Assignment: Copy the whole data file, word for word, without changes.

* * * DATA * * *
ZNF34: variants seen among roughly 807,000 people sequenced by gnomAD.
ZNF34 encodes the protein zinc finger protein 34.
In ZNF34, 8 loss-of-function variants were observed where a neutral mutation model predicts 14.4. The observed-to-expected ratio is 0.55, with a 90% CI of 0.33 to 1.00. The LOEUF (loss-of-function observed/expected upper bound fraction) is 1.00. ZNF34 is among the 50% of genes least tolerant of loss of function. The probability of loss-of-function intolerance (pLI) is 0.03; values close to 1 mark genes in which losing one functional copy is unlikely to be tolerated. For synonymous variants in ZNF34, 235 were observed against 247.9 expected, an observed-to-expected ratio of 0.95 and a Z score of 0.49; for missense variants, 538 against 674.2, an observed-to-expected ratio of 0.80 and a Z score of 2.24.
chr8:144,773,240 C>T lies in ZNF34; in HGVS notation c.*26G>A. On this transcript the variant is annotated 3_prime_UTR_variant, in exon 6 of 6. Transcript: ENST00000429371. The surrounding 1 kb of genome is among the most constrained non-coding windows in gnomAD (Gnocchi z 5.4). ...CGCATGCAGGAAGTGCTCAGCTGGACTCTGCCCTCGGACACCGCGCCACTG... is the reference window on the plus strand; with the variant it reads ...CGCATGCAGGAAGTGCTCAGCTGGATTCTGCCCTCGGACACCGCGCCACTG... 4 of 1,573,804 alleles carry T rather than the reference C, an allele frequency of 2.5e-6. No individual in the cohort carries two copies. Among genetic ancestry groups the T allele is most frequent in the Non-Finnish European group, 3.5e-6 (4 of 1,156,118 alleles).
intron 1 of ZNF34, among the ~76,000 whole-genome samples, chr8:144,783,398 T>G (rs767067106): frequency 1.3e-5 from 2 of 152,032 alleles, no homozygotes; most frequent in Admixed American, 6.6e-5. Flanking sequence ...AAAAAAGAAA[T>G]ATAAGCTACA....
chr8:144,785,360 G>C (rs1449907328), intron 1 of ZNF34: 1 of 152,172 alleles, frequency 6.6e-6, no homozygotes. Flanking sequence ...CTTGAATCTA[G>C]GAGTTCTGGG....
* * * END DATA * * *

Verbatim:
ZNF34: variants seen among roughly 807,000 people sequenced by gnomAD.
ZNF34 encodes the protein zinc finger protein 34.
In ZNF34, 8 loss-of-function variants were observed where a neutral mutation model predicts 14.4. The observed-to-expected ratio is 0.55, with a 90% CI of 0.33 to 1.00. The LOEUF (loss-of-function observed/expected upper bound fraction) is 1.00. ZNF34 is among the 50% of genes least tolerant of loss of function. The probability of loss-of-function intolerance (pLI) is 0.03; values close to 1 mark genes in which losing one functional copy is unlikely to be tolerated. For synonymous variants in ZNF34, 235 were observed against 247.9 expected, an observed-to-expected ratio of 0.95 and a Z score of 0.49; for missense variants, 538 against 674.2, an observed-to-expected ratio of 0.80 and a Z score of 2.24.
chr8:144,773,240 C>T lies in ZNF34; in HGVS notation c.*26G>A. On this transcript the variant is annotated 3_prime_UTR_variant, in exon 6 of 6. Transcript: ENST00000429371. The surrounding 1 kb of genome is among the most constrained non-coding windows in gnomAD (Gnocchi z 5.4). ...CGCATGCAGGAAGTGCTCAGCTGGACTCTGCCCTCGGACACCGCGCCACTG... is the reference window on the plus strand; with the variant it reads ...CGCATGCAGGAAGTGCTCAGCTGGATTCTGCCCTCGGACACCGCGCCACTG... 4 of 1,573,804 alleles carry T rather than the reference C, an allele frequency of 2.5e-6. No individual in the cohort carries two copies. Among genetic ancestry groups the T allele is most frequent in the Non-Finnish European group, 3.5e-6 (4 of 1,156,118 alleles).
intron 1 of ZNF34, among the ~76,000 whole-genome samples, chr8:144,783,398 T>G (rs767067106): frequency 1.3e-5 from 2 of 152,032 alleles, no homozygotes; most frequent in Admixed American, 6.6e-5. Flanking sequence ...AAAAAAGAAA[T>G]ATAAGCTACA....
chr8:144,785,360 G>C (rs1449907328), intron 1 of ZNF34: 1 of 152,172 alleles, frequency 6.6e-6, no homozygotes. Flanking sequence ...CTTGAATCTA[G>C]GAGTTCTGGG....